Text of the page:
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Thread: Your Questions

  1. #1
    a "real" agent in New York

    Your Questions

    I work at a highly reputable agency in New York who handle about 60% non-fiction and 40% fiction. I am more than willing to give real answers on any publishing topic. I am willing to do this not because I'm desperate for clients, but because I am human and I know how tough a process it is to get published.

    So fire away....I will check back once a week. "R"A

  2. #2
    Anne Whitfield

    Re: Your Questions

    Ok, "real" agent, can you help us all by telling us what really goes on behind closed doors in an agents office? Some insight would help us novices a great deal.
    Tell us things like;
    what captures your attention?
    what are the things an agent looks for?
    what are the things that agents reject straight out?
    The list is endless, but that's a start!
    Thanks Anne.
    By the way, I write Historical fiction, want to look?
    ( I thought I would get in first before anyone else did! )Ha-Ha!)

  3. #3
    Jenny Hilton

    Re: Anne

    Good start Anne!

    Did ASA get back to ya yet? We got some snow last night! I even start writing about it. First time I've ever seen it!


  4. #4
    Mary M.

    Re: Mr. Real Agent

    Thanks for offering your services, but can we establish your credibility, please? How long has your agency been in business, how many titles has it published in the past two years, how long have you been with the agency, and what is your literary background. Also, do agents really do more business over lunch than in their offices?! Again, thanks for posting here.

  5. #5
    Mary M.

    Re: Ms. Real Agent

    Pardon the gender error if so ...

  6. #6
    J. Casey

    Re: Ms. Real Agent

    Hi R A.

    When a query comes in, does a reader read them first?
    Or do they go straight to the agent?
    After an agent dediceds they like a manuscript, does the owner of the agency and other's decide if the agency should sell it, or is this the sole decision of the agent.

    When an email querry is made to the owner of a large agency, is the owner responding or are people in the office trained to act in the owners behalf?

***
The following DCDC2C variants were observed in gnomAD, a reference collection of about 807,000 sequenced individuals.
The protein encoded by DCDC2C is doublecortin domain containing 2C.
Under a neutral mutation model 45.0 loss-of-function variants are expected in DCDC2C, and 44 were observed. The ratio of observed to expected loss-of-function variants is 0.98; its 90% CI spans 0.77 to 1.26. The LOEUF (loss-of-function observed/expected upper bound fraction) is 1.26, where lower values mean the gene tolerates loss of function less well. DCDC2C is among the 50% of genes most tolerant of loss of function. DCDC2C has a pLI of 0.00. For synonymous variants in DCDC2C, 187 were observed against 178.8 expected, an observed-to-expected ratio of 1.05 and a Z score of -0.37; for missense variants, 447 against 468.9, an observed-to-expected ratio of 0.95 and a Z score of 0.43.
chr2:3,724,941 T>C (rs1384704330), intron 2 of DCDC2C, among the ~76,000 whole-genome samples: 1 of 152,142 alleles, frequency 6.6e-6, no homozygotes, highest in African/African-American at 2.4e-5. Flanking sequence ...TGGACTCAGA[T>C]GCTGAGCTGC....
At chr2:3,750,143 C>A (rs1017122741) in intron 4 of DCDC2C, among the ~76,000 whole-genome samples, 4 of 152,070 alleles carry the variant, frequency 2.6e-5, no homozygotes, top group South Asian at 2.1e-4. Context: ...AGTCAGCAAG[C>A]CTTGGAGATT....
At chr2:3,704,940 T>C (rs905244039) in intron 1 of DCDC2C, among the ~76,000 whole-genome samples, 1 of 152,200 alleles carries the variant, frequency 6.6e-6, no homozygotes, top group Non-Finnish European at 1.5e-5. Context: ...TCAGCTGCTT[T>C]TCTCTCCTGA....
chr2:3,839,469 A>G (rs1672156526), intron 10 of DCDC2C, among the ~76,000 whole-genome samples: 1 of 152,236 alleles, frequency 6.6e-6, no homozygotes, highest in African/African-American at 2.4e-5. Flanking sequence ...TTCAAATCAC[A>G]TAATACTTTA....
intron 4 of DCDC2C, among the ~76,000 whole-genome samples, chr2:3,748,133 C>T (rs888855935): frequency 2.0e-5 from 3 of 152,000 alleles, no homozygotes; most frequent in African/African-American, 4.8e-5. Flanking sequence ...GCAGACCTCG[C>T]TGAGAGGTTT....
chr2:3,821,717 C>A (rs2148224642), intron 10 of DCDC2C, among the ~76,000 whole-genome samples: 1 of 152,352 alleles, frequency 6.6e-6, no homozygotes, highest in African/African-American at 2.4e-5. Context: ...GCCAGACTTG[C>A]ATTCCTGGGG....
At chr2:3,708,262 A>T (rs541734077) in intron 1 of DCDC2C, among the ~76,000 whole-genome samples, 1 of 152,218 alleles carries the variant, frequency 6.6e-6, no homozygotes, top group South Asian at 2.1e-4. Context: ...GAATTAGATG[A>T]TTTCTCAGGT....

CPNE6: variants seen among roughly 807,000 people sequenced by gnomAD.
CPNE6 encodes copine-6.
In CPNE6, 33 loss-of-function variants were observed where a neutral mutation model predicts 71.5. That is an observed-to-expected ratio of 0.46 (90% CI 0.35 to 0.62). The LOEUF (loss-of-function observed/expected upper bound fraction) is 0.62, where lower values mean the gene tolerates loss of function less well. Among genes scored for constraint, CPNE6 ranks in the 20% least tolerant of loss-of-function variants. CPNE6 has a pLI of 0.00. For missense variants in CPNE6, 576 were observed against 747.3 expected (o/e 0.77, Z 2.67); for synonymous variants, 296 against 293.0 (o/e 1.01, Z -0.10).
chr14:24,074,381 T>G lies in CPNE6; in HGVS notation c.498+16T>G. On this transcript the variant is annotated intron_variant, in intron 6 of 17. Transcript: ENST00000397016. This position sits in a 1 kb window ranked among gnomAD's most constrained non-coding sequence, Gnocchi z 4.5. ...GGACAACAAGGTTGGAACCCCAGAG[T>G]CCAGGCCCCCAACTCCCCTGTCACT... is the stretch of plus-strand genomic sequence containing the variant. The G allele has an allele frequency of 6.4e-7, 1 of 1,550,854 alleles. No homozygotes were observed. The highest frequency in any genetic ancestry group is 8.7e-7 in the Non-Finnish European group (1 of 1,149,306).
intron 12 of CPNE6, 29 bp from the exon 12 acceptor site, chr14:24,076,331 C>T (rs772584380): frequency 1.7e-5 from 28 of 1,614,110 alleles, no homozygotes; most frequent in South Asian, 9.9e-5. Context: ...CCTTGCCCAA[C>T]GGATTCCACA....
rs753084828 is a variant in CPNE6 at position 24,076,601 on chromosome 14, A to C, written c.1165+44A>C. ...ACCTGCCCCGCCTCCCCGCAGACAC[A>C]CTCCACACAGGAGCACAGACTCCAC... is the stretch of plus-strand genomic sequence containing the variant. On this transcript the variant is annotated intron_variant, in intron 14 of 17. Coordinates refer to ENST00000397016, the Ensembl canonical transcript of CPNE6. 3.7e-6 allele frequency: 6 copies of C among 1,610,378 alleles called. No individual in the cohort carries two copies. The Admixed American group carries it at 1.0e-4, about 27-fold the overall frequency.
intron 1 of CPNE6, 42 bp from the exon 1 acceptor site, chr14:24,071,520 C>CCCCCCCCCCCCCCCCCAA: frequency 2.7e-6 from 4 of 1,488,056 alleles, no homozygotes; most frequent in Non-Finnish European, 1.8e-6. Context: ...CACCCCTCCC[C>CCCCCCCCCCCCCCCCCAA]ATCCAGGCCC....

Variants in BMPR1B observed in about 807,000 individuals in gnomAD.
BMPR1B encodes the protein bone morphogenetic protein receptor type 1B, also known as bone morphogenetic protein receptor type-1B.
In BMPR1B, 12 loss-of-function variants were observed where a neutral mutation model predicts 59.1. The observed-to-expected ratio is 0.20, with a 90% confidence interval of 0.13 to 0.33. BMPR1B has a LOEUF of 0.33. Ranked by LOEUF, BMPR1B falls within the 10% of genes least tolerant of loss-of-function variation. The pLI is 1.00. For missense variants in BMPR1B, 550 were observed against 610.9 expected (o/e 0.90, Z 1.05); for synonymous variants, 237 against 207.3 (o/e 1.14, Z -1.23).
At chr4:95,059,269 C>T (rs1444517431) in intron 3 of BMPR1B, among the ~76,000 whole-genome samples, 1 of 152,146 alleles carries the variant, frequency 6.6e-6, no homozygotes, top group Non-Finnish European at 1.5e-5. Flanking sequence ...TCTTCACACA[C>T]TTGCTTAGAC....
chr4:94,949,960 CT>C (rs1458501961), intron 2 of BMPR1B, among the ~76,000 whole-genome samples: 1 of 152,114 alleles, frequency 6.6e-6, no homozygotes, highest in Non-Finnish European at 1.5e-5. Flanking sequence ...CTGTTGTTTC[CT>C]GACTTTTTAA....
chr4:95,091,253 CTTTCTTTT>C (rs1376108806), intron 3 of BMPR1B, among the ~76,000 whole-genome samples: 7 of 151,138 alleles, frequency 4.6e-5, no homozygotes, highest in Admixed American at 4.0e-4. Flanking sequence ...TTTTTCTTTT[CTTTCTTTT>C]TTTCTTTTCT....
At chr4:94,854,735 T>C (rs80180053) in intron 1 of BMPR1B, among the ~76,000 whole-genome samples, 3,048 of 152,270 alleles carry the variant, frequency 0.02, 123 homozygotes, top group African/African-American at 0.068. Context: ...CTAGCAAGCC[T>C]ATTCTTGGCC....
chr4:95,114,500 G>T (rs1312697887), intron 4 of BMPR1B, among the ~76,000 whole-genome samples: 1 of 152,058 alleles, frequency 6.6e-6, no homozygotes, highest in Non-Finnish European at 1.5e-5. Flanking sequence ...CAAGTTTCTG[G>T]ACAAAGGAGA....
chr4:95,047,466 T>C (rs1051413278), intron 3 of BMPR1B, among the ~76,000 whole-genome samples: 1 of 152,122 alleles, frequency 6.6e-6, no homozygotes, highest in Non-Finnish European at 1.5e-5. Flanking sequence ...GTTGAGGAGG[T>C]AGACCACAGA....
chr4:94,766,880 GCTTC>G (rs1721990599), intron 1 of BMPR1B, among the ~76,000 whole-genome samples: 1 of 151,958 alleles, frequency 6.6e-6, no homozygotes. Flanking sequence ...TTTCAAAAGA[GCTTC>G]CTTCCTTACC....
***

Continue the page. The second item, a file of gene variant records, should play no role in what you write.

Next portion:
Thank you for coming on the board and for your time.


  7. #7
    Mitch Redden

    Re: Ms. Real Agent

    Like the others who have posted regarding this, I'd be very interested in getting information about agents direct from the source but I agree with Mary that you need to establish your bona-fides first. I woudn't want to converse with you and then discover that you're having a grand joke on all of us. We all are working too hard at writing and trying to get published to be played with. You wouldn't be Don Ray up to your old mischief again would you?

  8. #8
    William Haynes

    Re: Ms. Real Agent


    No thanks, I'll continue to use my imaginary one.


  9. #9
    a "real" Agent in New York

    Re: Ms. Real Agent

    I have been an agent for seven years at an independent agency in New York. Our agency has been in business for three and a half years. Prior to starting the agency, my partner was a VP at one of the big agencies and I was at another independent. I studied writing for five years in school before getting into publishing. Though having abandoned my own misguided ambitions to write, I am still sympathetic to the plight.

    We are an AAR member agency, my partner has been on the Board of Directors. We charge no fees of any sort. We represent National Book Award winners, Pulitzer Prize winners, PEN/FAulkner finalists, and so on.

    I am out of the office for four weeks (August is dreary in New York) and have some time on my hands. I've always wanted to do something like this and throw the curtain back on the process.

    I don't want to use my name because I want to be able to be frank and honest and if there are questions about colleagues- agents or editors- I have to protect my relationships and could be as helpful if I had my name out there.

    I am also not here looking for authors, but an not opposed to it either, but I take on very few new people at this point and don't handle anything category. Literary fiction and a variety of non-fiction.

    I understand your suspicions: why would I want to do this, what am I trying to get out of it. I promise I'm just trying to be nice.


  10. #10
    A Real Agent in New York

    Re: Ms. Real Agent

    I do more business in the office than at lunch. Lunch is important in terms of building relationships- and in supporting Manhattan's gym industry!- but it's not that often that you do a deal over lunch. Most editors and agents are uncomfortable negotiating in person because you don't have the "my author said no way- he needs more money to write the book" or the "let me talk this over with my client" out to buy time, and to call other editors to take their temperatures before talking to one person.

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